Tuesday, 11 February 2014

TOP TEN CHECKLIST for contracting freelance writing

As a freelance writer for decades one would think the basics should be second nature. They are well ingrained although the challenge is the market’s continual shift and the good ol’ how-to’s are constantly evolving. A writer can take many steps to secure freelance writing these days and many markets co-exist in which word-services are required. Freelance writer does not just mean magazine writer in these new times. Many professional freelance writers offer a cross section word services and have an array of business content skills. Work can be in the traditional magazine writing of article features but also encompass books, research, copyrighting, content strategy, business newsletters, brochures, newsletters and marketing materials, advertising, editorial management, press release and promotional materials, web site content, company report narratives, white papers, ghost writing and so much more. If it has words chances are a professional was enlisted to take the messaging to a professional polish.

A freelance writer is self-employed, contracted, home office based and an independent contractor. They are also their own salesman, book keeper, accountant, accounts receivable department, collection agent, janitorial services, human resources department managing benefits, insurance premiums, professional association and union affiliations and  the many other positions that run a large or small corporation all while being the star employee-of-the-month time and time again.

The initiating element for work in freelance that never changes regardless of the market one is earning in is the basic contract or assignment letter secured as a note of intent and a promise of a good faith payment to the independent worker. For the most part the polish of this arrangement often depends on the level of employment with larger companies and publications having formal multi page (often rights grabbing) contracts in place while many smaller or start up businesses use emails as confirmed assignment letters noting terms in the conversation writer to publisher/editor. Elements such as word count, rates, rights, deadlines, payment terms, kill fees and more are basic items to always solidify before starting any assignment or taking on any contract for words-for-hire.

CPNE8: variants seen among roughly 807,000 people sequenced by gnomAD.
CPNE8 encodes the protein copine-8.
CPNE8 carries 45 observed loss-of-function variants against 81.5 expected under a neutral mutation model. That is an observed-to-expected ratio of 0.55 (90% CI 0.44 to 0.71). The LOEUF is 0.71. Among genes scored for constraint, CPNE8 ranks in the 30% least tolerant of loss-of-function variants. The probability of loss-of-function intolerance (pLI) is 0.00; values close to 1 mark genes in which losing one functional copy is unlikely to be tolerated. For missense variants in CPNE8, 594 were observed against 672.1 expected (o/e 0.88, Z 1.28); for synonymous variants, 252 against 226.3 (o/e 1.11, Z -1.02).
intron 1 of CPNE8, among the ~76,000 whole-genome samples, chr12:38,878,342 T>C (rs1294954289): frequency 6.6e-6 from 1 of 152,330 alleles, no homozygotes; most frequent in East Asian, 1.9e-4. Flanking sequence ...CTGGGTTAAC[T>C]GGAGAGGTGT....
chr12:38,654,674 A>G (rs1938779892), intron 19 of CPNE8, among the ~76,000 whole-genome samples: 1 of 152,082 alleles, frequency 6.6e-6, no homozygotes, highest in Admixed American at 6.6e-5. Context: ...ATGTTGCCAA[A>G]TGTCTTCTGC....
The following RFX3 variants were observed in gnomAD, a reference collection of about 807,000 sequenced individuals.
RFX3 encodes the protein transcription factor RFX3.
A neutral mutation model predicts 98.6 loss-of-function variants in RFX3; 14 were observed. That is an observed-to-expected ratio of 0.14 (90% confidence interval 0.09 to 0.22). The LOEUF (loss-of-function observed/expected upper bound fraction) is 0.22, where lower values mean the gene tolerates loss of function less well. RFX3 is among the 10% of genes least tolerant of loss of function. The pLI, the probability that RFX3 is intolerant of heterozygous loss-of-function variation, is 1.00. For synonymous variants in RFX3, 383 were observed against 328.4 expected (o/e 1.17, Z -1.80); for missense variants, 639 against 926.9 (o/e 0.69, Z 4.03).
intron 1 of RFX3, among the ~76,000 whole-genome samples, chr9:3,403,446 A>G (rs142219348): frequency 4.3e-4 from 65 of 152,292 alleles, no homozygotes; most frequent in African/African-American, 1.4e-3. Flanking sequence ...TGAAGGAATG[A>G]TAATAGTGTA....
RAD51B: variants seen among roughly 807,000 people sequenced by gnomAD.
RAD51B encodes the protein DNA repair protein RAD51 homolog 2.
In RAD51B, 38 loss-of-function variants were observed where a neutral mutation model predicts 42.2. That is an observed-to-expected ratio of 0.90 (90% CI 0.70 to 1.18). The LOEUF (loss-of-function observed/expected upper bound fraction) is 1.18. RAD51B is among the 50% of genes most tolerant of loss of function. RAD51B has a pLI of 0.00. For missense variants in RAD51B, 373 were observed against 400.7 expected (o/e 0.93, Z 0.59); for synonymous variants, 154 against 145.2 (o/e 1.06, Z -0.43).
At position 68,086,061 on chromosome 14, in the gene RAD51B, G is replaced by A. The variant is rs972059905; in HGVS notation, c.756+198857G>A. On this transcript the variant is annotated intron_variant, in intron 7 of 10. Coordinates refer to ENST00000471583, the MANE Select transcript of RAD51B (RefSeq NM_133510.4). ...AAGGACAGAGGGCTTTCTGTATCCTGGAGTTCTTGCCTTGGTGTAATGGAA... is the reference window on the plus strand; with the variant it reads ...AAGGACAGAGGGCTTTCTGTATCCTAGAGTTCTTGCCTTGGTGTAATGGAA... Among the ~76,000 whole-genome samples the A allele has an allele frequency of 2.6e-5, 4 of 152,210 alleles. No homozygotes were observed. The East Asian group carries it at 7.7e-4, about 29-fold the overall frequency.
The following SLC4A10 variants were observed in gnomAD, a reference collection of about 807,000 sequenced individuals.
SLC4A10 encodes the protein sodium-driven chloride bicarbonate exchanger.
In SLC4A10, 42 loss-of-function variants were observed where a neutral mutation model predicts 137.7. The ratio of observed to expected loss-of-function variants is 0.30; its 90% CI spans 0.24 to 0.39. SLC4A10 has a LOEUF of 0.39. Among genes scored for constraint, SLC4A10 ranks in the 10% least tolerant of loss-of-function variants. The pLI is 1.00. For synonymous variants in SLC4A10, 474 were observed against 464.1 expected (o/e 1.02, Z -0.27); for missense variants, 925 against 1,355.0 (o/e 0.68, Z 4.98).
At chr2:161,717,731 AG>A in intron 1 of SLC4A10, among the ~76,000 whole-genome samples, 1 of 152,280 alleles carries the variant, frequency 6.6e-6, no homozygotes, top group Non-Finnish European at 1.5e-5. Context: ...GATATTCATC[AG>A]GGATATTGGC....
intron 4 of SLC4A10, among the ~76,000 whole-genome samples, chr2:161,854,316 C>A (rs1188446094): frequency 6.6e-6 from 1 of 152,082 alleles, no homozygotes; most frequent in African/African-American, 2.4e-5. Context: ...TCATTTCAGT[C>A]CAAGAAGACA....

As a starting point for an early career freelance writer and a refresher for a seasoned writer, taking the early steps to a mutual understanding of an assignment saves time and even rewrite frustration or payment lagging angst. In today’s busy web communication world much of the past formality to assignment has gone by the wayside. In the click of a few emails a well presented query from a solid qualifying writer can garner an assignment but often comes without a formal contract. As a precaution at the very least secure a basic confirmed email making note that it will serve as an assignment letter. Should there be a breakdown of any of the elements having this clear mutual starting point will be of great value for resolving issues or chasing a late payment or a worst case scenario kill fee.

The TERMS OF ASSIGNMENT need to be clear and in agreement with both parties. Here are my TOP TEN suggestions:

1.      TITLE of the assignment / working title of the article
2.     DESCRIPTION including a few sentence narrative description of the assignment
3.      ACCEPTANCE noting approval of both the assigning editor and the writer
4.     DEADLINE clearly noted and also a note re the potential changes scenario as a writer you do not want to get into a constant rewrite scenario if the editor had a different perspective on the concept of the assignment (so making the title and description tight is key)